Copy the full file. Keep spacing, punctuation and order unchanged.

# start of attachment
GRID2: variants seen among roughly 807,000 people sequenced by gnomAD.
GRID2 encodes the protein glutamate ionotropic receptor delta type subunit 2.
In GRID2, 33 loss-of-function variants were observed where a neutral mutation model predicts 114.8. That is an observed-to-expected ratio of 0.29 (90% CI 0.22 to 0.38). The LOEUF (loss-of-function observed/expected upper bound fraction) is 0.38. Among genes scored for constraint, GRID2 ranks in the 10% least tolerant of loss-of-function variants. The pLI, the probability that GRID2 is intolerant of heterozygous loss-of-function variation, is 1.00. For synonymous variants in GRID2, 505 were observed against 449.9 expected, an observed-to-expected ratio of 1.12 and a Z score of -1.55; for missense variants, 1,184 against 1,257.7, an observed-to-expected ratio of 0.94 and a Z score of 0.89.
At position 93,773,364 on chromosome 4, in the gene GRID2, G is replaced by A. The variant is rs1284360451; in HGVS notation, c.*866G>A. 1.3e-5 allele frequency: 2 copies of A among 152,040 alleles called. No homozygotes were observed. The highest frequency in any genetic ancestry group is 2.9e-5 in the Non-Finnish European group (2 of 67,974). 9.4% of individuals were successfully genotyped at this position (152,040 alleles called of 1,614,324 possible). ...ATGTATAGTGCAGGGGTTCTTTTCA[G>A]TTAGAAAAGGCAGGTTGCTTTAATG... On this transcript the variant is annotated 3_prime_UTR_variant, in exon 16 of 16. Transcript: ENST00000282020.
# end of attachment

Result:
GRID2: variants seen among roughly 807,000 people sequenced by gnomAD.
GRID2 encodes the protein glutamate ionotropic receptor delta type subunit 2.
In GRID2, 33 loss-of-function variants were observed where a neutral mutation model predicts 114.8. That is an observed-to-expected ratio of 0.29 (90% CI 0.22 to 0.38). The LOEUF (loss-of-function observed/expected upper bound fraction) is 0.38. Among genes scored for constraint, GRID2 ranks in the 10% least tolerant of loss-of-function variants. The pLI, the probability that GRID2 is intolerant of heterozygous loss-of-function variation, is 1.00. For synonymous variants in GRID2, 505 were observed against 449.9 expected, an observed-to-expected ratio of 1.12 and a Z score of -1.55; for missense variants, 1,184 against 1,257.7, an observed-to-expected ratio of 0.94 and a Z score of 0.89.
At position 93,773,364 on chromosome 4, in the gene GRID2, G is replaced by A. The variant is rs1284360451; in HGVS notation, c.*866G>A. 1.3e-5 allele frequency: 2 copies of A among 152,040 alleles called. No homozygotes were observed. The highest frequency in any genetic ancestry group is 2.9e-5 in the Non-Finnish European group (2 of 67,974). 9.4% of individuals were successfully genotyped at this position (152,040 alleles called of 1,614,324 possible). ...ATGTATAGTGCAGGGGTTCTTTTCA[G>A]TTAGAAAAGGCAGGTTGCTTTAATG... On this transcript the variant is annotated 3_prime_UTR_variant, in exon 16 of 16. Transcript: ENST00000282020.